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cartoon of Soldier (Sad Sack) polishing his nails and at his ease
figure 1  


dogging it. Not working up to potential; deliberately slowing down or exerting less than possible effort; malingering.

“This expression originated in sports and soon was transferred to other endeavors,”reference 1 avers Christine Ammer. Unfortunately, she offers no specifics.

In some circumstances one is expected—or at least pressured by co-workers—to dog it.  One of my first jobs was a temporary one inventorying parts for a sewing machine assembly plant.  In order to avoid boredom, I set a steady pace.  By lunch, more than one of my fellows had asked me to slow down so as not to make them look like poor workers in comparison.  Partly, they did not want to work so hard, and in part, they wanted the job, and therefore the pay, to last as long as possible.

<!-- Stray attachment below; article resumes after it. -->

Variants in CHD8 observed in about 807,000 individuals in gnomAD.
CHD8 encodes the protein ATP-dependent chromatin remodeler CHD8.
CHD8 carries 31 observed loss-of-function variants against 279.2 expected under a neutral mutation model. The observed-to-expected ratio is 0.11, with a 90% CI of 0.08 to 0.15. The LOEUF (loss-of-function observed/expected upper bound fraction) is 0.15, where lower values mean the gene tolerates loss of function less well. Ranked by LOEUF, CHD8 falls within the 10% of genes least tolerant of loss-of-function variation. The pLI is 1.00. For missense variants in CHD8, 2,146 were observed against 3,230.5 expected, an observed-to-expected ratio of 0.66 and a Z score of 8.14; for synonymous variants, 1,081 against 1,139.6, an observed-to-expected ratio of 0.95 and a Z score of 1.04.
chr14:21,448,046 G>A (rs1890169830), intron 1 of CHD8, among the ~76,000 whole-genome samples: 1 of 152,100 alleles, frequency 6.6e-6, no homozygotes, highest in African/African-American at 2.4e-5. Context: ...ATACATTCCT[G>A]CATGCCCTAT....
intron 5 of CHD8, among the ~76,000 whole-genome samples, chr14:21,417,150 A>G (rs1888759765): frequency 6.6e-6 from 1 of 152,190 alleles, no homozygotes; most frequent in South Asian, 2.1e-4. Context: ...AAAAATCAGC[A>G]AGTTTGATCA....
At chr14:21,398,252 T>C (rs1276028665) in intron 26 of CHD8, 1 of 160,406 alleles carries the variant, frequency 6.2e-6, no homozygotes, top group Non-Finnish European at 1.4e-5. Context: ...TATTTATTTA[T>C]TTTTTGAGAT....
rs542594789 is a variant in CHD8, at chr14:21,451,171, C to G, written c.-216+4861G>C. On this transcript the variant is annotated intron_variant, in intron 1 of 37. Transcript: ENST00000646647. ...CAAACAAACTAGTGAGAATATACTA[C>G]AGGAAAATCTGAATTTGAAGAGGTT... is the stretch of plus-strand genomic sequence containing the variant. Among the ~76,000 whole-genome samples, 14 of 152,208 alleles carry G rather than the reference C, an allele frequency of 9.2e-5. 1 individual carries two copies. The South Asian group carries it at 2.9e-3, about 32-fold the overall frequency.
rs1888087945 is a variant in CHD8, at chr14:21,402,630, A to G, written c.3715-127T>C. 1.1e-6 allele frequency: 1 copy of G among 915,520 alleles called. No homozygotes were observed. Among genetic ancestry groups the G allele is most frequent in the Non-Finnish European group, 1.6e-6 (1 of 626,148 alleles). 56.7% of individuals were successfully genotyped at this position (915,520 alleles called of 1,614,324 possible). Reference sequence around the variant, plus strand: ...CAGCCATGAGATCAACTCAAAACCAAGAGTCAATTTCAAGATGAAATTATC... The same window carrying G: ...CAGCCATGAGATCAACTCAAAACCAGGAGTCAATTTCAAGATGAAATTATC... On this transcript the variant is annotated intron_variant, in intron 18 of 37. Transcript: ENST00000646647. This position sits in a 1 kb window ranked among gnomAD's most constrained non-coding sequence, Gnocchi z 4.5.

1. Ammer, Christine. 1997. The American Heritage Dictionary of Idioms. Boston: Houghton Mifflin.

About the illustration: It is purported that in the armed services the process of dogging it, more commonly referred to in that context as “goldbricking,” can be a fine art. Sergeant George Baker's WWII draftee, Sad Sack, demonstrates it here as he relaxes while someone else performs one of the never-ending tasks of service life, painting. © 2008 Jupiterimages Corporation.
see also: lazy as a dog; dog days; work like a dog
cf: dogger
Last updated: July 5, 2008
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